Biodiversity, defined as the variety of living organisms and ecosystems on Earth, is essential for the long-term sustainability of natural, social, and economic systems around the world. Despite over half of the world’s GDP being moderately or highly dependent on nature and its services, human activities are causing an unprecedented and accelerating decline at a global scale.
Thanks to the Task Force for Climate-Related Financial Disclosure, corporates have familiarised themselves with two key categories of risk: physical and transition. The risks associated with biodiversity loss can also be understood in a similar way. The loss of biodiversity creates significant physical risks for the private sector due to impacts on ecosystem services such as a stable climate, filtered water, a steady food supply, flood and pest control, and of course the supply of raw materials for industry. Organisations will also face transition risks relating to changes in the economic system to achieve a biodiversity-positive economy, including increased regulation, demand shifts, or brand reputation.
However, correctly identifying these risks and taking transformative actions to reverse nature loss through corporate biodiversity strategies will help companies to also find nature-related opportunities that will enable long-term business growth and stability.
So...where do I begin?
The first step towards a strategic transformation approach to biodiversity conservation is to identify your business impacts and dependencies on nature.
Impacts are defined as the change caused to the baseline state of nature because of actions taken by the organisation to conduct its normal operations. They can be direct impacts if nature's decline is linked to an organisation’s immediate activity, for instance, pollution emitted from a factory, or indirect impacts if they occur over time or through a chain of cause and effect. A company’s GHG emissions are the simplest example of an indirect impact as the emissions are not directly linked to nature loss but are contributing to the change in the global climate linked to biodiversity degradation.
A company’s nature-related dependencies refer to its reliance on or use of biodiversity, including the use of natural resources or “provisioning services” like timber or steel, but also broader ecosystem services, such as pollination, climate regulation, or soil formation.
Graph conceptualises natural capital impacts and dependencies, risks, and opportunities. Source: Natural Capital Coalition. 2016. “Natural Capital Protocol”. Available at: http://www.naturalcapitalcoalition.org/protocol
Why should I get started now?
2023 is being called “the Paris moment for nature” for the strong momentum gained after the signing of the Global Biodiversity Framework (GBF), an international agreement aimed at halting and reversing biodiversity loss.
Cartoon conceptualises the relative importance of biodiversity to human life and the economy. Source: Graeme MacKay, 2020. Available at: https://mackaycartoons.net/2020/03/18/wednesday-march-11-2020/
The time to act is now. As countries work on implementing new regulations to protect nature and customers shift their demands towards products with lower environmental impact, businesses will face challenges. Those that took a step back to assess their impacts and dependencies will find better ways to reduce their risk exposure and take advantage of the opportunities from these market changes.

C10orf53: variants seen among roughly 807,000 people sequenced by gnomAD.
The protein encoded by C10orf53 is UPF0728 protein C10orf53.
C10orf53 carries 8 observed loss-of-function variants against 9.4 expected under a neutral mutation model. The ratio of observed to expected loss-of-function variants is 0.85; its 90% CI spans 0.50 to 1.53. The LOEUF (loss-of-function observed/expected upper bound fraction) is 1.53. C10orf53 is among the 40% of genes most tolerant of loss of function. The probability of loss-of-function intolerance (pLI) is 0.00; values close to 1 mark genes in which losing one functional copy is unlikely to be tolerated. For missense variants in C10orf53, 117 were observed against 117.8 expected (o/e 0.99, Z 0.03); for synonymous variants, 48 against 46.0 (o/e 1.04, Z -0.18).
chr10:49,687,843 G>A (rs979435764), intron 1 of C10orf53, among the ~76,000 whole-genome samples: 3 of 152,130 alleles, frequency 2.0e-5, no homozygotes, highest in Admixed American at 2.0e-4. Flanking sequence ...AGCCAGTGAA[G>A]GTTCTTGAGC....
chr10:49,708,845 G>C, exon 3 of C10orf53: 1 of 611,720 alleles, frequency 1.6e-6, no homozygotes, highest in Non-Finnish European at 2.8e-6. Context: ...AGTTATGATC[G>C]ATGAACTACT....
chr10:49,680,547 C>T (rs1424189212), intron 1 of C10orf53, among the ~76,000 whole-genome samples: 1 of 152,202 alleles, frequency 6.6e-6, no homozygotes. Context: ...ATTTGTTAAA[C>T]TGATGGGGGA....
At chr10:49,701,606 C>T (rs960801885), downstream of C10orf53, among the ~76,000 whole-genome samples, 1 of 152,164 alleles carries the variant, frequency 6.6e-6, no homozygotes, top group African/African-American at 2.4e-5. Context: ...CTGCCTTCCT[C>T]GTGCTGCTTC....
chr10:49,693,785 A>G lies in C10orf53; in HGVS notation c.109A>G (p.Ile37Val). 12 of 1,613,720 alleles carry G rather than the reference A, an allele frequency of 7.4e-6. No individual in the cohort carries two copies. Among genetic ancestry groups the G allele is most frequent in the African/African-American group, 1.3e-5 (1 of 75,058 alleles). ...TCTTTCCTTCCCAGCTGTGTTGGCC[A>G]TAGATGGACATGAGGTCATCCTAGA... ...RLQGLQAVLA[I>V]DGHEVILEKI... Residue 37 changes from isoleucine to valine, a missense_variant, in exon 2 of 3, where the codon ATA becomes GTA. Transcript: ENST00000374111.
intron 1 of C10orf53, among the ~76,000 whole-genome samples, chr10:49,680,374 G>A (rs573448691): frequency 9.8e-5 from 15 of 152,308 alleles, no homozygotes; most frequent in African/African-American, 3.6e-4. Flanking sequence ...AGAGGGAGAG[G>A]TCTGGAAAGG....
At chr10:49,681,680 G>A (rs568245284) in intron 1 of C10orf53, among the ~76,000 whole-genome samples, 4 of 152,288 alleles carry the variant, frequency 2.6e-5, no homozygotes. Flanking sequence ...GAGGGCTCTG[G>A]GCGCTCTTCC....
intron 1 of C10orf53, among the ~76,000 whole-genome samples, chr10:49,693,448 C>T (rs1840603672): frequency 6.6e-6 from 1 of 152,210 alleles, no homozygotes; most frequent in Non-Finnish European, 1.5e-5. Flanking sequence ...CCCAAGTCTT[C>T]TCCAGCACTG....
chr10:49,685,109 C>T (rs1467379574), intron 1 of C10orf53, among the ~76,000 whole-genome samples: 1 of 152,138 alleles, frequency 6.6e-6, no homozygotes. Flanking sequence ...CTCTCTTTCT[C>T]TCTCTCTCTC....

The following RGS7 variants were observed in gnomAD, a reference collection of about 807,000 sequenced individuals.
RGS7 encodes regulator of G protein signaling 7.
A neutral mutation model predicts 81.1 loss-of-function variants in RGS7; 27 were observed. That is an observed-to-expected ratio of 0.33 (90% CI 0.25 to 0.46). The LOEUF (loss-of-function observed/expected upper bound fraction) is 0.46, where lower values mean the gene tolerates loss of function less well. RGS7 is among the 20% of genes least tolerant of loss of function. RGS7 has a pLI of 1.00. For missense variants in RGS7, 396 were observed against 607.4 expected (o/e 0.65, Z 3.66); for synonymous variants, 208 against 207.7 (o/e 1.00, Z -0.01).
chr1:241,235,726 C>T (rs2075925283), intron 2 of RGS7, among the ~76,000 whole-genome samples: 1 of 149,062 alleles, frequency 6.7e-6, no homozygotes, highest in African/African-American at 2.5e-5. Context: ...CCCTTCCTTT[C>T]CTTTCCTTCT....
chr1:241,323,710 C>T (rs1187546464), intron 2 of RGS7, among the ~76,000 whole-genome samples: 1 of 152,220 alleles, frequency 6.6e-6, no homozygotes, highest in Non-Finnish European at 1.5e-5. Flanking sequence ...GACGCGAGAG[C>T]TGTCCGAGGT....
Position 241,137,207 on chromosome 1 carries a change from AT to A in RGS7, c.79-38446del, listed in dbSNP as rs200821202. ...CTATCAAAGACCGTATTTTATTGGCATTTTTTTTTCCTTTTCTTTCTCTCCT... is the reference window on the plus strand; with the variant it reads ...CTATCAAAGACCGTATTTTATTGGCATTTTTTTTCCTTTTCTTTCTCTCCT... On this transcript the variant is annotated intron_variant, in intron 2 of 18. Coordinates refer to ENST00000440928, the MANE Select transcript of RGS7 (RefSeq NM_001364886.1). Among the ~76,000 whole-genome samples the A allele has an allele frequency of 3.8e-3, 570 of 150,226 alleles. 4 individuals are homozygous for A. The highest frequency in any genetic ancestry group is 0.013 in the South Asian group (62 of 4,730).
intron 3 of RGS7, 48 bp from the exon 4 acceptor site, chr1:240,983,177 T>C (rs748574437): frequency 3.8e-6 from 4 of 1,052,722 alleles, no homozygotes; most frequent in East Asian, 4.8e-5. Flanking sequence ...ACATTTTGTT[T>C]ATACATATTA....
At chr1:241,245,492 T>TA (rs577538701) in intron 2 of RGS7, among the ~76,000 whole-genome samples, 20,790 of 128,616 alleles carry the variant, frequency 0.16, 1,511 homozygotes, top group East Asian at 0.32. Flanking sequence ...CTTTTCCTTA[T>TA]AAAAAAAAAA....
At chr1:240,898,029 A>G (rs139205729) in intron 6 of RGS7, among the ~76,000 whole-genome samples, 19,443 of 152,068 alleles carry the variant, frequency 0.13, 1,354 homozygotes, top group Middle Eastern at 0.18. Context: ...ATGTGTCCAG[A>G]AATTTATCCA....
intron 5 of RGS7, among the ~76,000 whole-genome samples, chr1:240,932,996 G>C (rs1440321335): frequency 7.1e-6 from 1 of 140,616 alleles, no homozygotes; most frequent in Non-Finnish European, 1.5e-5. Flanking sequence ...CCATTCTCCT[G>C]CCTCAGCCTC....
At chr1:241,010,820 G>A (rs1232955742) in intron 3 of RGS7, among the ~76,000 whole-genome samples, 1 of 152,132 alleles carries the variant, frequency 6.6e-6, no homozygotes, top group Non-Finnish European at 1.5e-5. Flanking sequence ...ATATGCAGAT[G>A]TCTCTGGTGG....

From improved efficiency, development of new products, access to new and better funding streams, to operational cost-savings from nature-based solutions, seizing biodiversity-related opportunities requires strategic thinking.
In one of our previous blogs [CEO memo: the Net Zero transformation checklist], we discussed how businesses that take a transformative approach to Net Zero, founded on a clear strategic rationale, will benefit from high-value creation opportunities and value capture initiatives. The same logic supports the development and implementation of a sound biodiversity strategy. It’s based on the principle that early adopters and smart adopters of biodiversity initiatives will be on top of regulatory, reputational, and demand side risks. From that advantageous position, they’ll be able to identify practices with the maximum positive impact on nature, the highest co-benefits with other sustainability initiatives, and the highest value to the company.
Here's just one example of value creation opportunities from green roofs and walls being implemented to increase biodiversity in the built environment:
Source: Ampersand Partners, 2023
Many different approaches and frameworks are emerging to support the private sector’s transformation and help them to develop a robust and transparent corporate biodiversity strategy, such as the Science Based Targets for Nature (SBTN) and the Taskforce on Nature-related Financial Disclosure (TNFD).
Both these frameworks are still a work in progress, with their final recommendations expected to be released later this year. However, this should not be taken as an excuse to delay corporate action.
The market standard should not and cannot be the end game. Frameworks are a great way to get companies started on their sustainability initiatives and serve as strong catalysts to get the market moving in the right direction. Yet, it’s important to remember that minimum compliance should not be the end goal.
In fact, companies with a compliance mindset approach to sustainability will most likely only carry the costs of their initiatives without driving any real value from them or generating any real impact on nature.
Interested in learning more about the real impact of biodiversity on your business? Reach out to email@example.com for an introductory chat over a coffee.